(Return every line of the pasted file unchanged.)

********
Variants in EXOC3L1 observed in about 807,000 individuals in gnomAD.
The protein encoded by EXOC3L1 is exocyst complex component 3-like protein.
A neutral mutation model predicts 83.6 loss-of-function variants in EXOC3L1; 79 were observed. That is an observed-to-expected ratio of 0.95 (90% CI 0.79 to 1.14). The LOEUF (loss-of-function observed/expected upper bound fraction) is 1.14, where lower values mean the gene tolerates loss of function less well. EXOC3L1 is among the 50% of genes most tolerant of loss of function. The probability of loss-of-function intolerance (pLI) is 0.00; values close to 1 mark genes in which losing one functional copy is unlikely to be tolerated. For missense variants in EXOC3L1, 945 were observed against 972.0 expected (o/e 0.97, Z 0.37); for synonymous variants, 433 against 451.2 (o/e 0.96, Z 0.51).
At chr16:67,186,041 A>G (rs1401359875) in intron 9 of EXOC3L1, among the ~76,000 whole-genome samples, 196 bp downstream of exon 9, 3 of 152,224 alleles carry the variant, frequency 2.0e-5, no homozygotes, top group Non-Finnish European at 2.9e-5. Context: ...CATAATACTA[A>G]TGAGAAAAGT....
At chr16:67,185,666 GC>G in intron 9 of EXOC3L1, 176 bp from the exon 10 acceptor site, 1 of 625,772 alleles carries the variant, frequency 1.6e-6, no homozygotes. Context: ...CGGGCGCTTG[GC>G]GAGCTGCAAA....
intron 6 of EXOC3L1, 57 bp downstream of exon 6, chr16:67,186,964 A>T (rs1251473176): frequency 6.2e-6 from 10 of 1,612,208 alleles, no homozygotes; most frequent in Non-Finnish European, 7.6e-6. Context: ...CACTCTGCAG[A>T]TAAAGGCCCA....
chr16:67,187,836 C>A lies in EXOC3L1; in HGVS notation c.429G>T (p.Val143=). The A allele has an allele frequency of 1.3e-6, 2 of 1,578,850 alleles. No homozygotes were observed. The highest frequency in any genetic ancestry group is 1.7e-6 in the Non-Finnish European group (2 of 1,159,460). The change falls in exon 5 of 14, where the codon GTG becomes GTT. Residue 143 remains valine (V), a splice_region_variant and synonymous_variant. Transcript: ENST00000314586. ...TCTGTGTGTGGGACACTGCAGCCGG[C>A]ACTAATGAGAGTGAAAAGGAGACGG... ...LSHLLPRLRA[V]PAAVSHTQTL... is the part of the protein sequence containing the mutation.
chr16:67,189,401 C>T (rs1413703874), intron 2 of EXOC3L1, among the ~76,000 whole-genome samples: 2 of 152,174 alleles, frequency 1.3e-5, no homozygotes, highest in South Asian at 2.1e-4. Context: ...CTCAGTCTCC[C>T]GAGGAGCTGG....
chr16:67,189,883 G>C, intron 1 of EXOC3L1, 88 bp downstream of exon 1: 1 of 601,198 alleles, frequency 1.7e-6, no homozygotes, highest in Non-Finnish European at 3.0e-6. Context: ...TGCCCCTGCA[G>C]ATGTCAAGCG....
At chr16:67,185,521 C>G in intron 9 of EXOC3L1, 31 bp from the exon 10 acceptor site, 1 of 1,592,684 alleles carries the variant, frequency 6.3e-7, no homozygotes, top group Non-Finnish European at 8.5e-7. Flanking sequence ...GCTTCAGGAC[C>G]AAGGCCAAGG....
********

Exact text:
Variants in EXOC3L1 observed in about 807,000 individuals in gnomAD.
The protein encoded by EXOC3L1 is exocyst complex component 3-like protein.
A neutral mutation model predicts 83.6 loss-of-function variants in EXOC3L1; 79 were observed. That is an observed-to-expected ratio of 0.95 (90% CI 0.79 to 1.14). The LOEUF (loss-of-function observed/expected upper bound fraction) is 1.14, where lower values mean the gene tolerates loss of function less well. EXOC3L1 is among the 50% of genes most tolerant of loss of function. The probability of loss-of-function intolerance (pLI) is 0.00; values close to 1 mark genes in which losing one functional copy is unlikely to be tolerated. For missense variants in EXOC3L1, 945 were observed against 972.0 expected (o/e 0.97, Z 0.37); for synonymous variants, 433 against 451.2 (o/e 0.96, Z 0.51).
At chr16:67,186,041 A>G (rs1401359875) in intron 9 of EXOC3L1, among the ~76,000 whole-genome samples, 196 bp downstream of exon 9, 3 of 152,224 alleles carry the variant, frequency 2.0e-5, no homozygotes, top group Non-Finnish European at 2.9e-5. Context: ...CATAATACTA[A>G]TGAGAAAAGT....
At chr16:67,185,666 GC>G in intron 9 of EXOC3L1, 176 bp from the exon 10 acceptor site, 1 of 625,772 alleles carries the variant, frequency 1.6e-6, no homozygotes. Context: ...CGGGCGCTTG[GC>G]GAGCTGCAAA....
intron 6 of EXOC3L1, 57 bp downstream of exon 6, chr16:67,186,964 A>T (rs1251473176): frequency 6.2e-6 from 10 of 1,612,208 alleles, no homozygotes; most frequent in Non-Finnish European, 7.6e-6. Context: ...CACTCTGCAG[A>T]TAAAGGCCCA....
chr16:67,187,836 C>A lies in EXOC3L1; in HGVS notation c.429G>T (p.Val143=). The A allele has an allele frequency of 1.3e-6, 2 of 1,578,850 alleles. No homozygotes were observed. The highest frequency in any genetic ancestry group is 1.7e-6 in the Non-Finnish European group (2 of 1,159,460). The change falls in exon 5 of 14, where the codon GTG becomes GTT. Residue 143 remains valine (V), a splice_region_variant and synonymous_variant. Transcript: ENST00000314586. ...TCTGTGTGTGGGACACTGCAGCCGG[C>A]ACTAATGAGAGTGAAAAGGAGACGG... ...LSHLLPRLRA[V]PAAVSHTQTL... is the part of the protein sequence containing the mutation.
chr16:67,189,401 C>T (rs1413703874), intron 2 of EXOC3L1, among the ~76,000 whole-genome samples: 2 of 152,174 alleles, frequency 1.3e-5, no homozygotes, highest in South Asian at 2.1e-4. Context: ...CTCAGTCTCC[C>T]GAGGAGCTGG....
chr16:67,189,883 G>C, intron 1 of EXOC3L1, 88 bp downstream of exon 1: 1 of 601,198 alleles, frequency 1.7e-6, no homozygotes, highest in Non-Finnish European at 3.0e-6. Context: ...TGCCCCTGCA[G>C]ATGTCAAGCG....
At chr16:67,185,521 C>G in intron 9 of EXOC3L1, 31 bp from the exon 10 acceptor site, 1 of 1,592,684 alleles carries the variant, frequency 6.3e-7, no homozygotes, top group Non-Finnish European at 8.5e-7. Flanking sequence ...GCTTCAGGAC[C>G]AAGGCCAAGG....